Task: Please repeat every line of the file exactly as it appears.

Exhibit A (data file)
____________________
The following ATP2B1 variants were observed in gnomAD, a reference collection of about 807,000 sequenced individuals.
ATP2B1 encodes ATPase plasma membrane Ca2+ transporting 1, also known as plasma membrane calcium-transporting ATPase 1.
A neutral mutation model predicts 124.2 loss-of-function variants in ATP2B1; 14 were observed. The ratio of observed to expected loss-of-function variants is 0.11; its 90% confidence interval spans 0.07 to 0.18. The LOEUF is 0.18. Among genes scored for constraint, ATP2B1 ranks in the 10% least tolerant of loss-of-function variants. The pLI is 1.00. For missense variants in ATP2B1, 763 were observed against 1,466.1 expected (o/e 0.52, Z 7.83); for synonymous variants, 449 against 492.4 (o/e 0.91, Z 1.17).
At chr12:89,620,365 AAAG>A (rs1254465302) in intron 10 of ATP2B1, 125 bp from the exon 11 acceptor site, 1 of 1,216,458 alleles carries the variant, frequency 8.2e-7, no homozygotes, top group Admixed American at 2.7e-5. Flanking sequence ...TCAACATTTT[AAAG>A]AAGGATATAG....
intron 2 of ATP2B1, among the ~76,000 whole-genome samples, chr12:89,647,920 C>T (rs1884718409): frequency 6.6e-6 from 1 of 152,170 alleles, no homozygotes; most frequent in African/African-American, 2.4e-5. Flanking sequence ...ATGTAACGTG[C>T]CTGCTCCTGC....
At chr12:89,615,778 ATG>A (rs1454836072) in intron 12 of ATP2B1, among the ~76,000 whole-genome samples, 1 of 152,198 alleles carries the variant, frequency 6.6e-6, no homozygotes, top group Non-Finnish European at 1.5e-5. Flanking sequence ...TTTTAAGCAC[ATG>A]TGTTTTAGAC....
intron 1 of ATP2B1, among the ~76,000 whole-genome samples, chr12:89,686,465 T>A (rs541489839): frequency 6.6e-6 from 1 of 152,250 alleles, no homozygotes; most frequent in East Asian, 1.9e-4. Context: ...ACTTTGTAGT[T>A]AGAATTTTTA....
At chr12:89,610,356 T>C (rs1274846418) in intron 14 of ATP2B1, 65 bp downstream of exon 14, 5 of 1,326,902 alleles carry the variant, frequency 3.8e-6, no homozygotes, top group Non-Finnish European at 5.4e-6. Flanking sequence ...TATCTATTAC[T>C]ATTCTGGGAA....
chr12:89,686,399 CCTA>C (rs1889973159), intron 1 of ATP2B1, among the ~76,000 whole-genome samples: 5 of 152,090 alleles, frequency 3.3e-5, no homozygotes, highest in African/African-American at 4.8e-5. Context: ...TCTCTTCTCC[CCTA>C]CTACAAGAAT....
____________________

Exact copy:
The following ATP2B1 variants were observed in gnomAD, a reference collection of about 807,000 sequenced individuals.
ATP2B1 encodes ATPase plasma membrane Ca2+ transporting 1, also known as plasma membrane calcium-transporting ATPase 1.
A neutral mutation model predicts 124.2 loss-of-function variants in ATP2B1; 14 were observed. The ratio of observed to expected loss-of-function variants is 0.11; its 90% confidence interval spans 0.07 to 0.18. The LOEUF is 0.18. Among genes scored for constraint, ATP2B1 ranks in the 10% least tolerant of loss-of-function variants. The pLI is 1.00. For missense variants in ATP2B1, 763 were observed against 1,466.1 expected (o/e 0.52, Z 7.83); for synonymous variants, 449 against 492.4 (o/e 0.91, Z 1.17).
At chr12:89,620,365 AAAG>A (rs1254465302) in intron 10 of ATP2B1, 125 bp from the exon 11 acceptor site, 1 of 1,216,458 alleles carries the variant, frequency 8.2e-7, no homozygotes, top group Admixed American at 2.7e-5. Flanking sequence ...TCAACATTTT[AAAG>A]AAGGATATAG....
intron 2 of ATP2B1, among the ~76,000 whole-genome samples, chr12:89,647,920 C>T (rs1884718409): frequency 6.6e-6 from 1 of 152,170 alleles, no homozygotes; most frequent in African/African-American, 2.4e-5. Flanking sequence ...ATGTAACGTG[C>T]CTGCTCCTGC....
At chr12:89,615,778 ATG>A (rs1454836072) in intron 12 of ATP2B1, among the ~76,000 whole-genome samples, 1 of 152,198 alleles carries the variant, frequency 6.6e-6, no homozygotes, top group Non-Finnish European at 1.5e-5. Flanking sequence ...TTTTAAGCAC[ATG>A]TGTTTTAGAC....
intron 1 of ATP2B1, among the ~76,000 whole-genome samples, chr12:89,686,465 T>A (rs541489839): frequency 6.6e-6 from 1 of 152,250 alleles, no homozygotes; most frequent in East Asian, 1.9e-4. Context: ...ACTTTGTAGT[T>A]AGAATTTTTA....
At chr12:89,610,356 T>C (rs1274846418) in intron 14 of ATP2B1, 65 bp downstream of exon 14, 5 of 1,326,902 alleles carry the variant, frequency 3.8e-6, no homozygotes, top group Non-Finnish European at 5.4e-6. Flanking sequence ...TATCTATTAC[T>C]ATTCTGGGAA....
chr12:89,686,399 CCTA>C (rs1889973159), intron 1 of ATP2B1, among the ~76,000 whole-genome samples: 5 of 152,090 alleles, frequency 3.3e-5, no homozygotes, highest in African/African-American at 4.8e-5. Context: ...TCTCTTCTCC[CCTA>C]CTACAAGAAT....